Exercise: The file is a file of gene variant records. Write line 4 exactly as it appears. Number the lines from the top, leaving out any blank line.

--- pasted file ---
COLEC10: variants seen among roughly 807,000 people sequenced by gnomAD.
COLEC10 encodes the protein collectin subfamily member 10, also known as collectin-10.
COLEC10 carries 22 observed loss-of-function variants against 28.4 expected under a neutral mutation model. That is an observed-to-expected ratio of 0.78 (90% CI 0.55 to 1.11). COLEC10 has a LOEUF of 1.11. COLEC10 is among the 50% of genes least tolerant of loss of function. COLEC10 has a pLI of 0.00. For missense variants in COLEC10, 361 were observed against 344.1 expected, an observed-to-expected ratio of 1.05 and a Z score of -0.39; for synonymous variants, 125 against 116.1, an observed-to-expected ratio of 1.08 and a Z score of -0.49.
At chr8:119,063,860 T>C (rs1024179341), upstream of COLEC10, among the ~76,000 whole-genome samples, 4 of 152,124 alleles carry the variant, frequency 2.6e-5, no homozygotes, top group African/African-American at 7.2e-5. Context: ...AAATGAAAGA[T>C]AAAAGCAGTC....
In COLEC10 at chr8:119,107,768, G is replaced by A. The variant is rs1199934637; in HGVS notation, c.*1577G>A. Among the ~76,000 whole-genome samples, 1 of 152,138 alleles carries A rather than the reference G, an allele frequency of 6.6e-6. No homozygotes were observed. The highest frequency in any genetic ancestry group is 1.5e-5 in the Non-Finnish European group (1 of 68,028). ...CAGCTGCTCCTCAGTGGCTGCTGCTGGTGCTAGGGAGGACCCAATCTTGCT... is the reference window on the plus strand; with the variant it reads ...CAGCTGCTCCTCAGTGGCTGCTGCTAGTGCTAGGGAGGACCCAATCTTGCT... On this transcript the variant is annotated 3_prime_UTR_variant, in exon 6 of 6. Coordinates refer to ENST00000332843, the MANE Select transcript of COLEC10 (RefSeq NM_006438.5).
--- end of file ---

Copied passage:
At chr8:119,063,860 T>C (rs1024179341), upstream of COLEC10, among the ~76,000 whole-genome samples, 4 of 152,124 alleles carry the variant, frequency 2.6e-5, no homozygotes, top group African/African-American at 7.2e-5. Context: ...AAATGAAAGA[T>C]AAAAGCAGTC....